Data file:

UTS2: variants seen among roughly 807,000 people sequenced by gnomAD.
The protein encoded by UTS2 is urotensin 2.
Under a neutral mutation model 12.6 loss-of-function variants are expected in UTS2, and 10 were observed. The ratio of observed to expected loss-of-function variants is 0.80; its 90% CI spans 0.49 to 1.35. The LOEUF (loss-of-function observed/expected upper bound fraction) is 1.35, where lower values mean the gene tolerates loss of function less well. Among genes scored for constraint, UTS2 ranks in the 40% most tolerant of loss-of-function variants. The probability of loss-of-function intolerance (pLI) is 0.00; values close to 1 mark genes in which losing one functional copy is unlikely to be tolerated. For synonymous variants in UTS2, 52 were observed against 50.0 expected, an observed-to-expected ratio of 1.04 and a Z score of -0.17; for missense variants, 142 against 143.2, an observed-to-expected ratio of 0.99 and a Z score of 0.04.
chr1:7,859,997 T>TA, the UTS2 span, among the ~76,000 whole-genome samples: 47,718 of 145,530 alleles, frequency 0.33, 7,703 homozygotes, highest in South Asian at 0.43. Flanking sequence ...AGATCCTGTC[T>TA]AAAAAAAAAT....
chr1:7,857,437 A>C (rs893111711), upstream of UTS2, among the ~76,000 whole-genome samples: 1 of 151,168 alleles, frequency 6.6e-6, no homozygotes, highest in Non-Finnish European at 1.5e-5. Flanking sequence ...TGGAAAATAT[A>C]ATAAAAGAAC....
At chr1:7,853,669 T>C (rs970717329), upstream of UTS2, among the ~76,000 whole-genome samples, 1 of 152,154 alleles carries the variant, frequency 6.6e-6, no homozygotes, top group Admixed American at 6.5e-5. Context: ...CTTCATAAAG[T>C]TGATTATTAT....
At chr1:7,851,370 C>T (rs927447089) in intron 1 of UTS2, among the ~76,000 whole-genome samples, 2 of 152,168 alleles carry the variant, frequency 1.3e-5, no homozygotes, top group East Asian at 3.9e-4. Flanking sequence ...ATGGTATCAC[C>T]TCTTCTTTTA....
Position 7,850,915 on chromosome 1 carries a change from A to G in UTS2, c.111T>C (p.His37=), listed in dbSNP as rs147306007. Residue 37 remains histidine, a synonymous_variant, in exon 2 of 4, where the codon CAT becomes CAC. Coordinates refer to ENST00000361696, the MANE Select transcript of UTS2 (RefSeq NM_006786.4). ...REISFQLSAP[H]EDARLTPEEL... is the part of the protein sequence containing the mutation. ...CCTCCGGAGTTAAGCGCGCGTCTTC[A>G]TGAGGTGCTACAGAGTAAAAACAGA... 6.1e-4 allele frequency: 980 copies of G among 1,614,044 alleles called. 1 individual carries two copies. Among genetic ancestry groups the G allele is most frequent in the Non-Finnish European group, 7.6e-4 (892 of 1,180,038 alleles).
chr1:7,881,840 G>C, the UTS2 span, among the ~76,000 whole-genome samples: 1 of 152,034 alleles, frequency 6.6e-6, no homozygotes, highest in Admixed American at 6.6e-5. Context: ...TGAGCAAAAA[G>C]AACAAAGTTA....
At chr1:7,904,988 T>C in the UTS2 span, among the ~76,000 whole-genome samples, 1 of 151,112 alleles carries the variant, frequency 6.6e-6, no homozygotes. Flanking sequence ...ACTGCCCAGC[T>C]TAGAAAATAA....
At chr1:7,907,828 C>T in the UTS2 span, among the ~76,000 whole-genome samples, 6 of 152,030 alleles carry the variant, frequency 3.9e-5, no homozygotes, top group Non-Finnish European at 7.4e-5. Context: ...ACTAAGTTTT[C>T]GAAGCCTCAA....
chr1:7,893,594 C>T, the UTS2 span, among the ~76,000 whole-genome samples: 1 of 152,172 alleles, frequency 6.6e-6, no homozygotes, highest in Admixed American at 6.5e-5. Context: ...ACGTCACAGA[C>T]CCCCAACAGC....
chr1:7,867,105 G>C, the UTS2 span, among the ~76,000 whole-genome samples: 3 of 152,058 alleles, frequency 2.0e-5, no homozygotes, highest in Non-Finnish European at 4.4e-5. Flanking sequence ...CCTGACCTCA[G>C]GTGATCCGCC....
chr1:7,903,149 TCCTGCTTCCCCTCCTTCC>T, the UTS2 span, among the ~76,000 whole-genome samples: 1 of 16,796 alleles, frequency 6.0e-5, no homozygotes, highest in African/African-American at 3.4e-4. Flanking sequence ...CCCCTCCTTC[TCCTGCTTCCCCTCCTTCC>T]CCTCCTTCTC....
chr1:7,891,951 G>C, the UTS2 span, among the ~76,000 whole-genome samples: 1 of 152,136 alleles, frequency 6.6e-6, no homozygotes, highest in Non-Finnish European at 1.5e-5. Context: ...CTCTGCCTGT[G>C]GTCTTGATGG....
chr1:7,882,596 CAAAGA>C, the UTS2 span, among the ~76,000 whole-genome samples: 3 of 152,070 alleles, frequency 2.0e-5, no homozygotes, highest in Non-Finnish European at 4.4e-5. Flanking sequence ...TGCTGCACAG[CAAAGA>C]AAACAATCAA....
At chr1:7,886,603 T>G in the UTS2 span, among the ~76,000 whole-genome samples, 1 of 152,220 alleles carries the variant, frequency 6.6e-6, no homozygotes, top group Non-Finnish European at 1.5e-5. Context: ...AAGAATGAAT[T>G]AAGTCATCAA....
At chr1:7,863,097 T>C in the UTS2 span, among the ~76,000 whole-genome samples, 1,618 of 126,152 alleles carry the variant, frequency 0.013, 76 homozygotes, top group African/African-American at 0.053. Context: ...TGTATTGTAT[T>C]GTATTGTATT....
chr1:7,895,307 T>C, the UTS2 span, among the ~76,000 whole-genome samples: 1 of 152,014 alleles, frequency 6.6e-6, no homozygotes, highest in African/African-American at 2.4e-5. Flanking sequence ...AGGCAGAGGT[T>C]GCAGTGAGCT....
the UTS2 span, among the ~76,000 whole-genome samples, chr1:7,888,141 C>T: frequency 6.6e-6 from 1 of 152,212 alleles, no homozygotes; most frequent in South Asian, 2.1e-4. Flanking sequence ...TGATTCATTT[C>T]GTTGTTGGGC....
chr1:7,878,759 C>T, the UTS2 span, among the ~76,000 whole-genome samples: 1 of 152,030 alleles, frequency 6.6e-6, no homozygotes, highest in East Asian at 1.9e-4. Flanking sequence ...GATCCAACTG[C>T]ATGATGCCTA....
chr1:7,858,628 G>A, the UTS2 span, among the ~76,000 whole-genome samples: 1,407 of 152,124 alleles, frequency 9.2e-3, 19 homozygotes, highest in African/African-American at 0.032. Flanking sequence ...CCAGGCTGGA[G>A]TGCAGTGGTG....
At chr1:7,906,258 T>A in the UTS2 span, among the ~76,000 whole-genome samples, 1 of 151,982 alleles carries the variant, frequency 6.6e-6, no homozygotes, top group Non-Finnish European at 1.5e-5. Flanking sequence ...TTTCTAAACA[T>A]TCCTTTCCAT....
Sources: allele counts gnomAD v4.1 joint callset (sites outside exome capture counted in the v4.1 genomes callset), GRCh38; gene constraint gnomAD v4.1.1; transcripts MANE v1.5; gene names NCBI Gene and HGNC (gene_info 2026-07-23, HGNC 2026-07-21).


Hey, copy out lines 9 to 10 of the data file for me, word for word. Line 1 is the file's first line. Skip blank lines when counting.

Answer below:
chr1:7,881,840 G>C, the UTS2 span, among the ~76,000 whole-genome samples: 1 of 152,034 alleles, frequency 6.6e-6, no homozygotes, highest in Admixed American at 6.6e-5. Context: ...TGAGCAAAAA[G>C]AACAAAGTTA....
At chr1:7,904,988 T>C in the UTS2 span, among the ~76,000 whole-genome samples, 1 of 151,112 alleles carries the variant, frequency 6.6e-6, no homozygotes. Flanking sequence ...ACTGCCCAGC[T>C]TAGAAAATAA....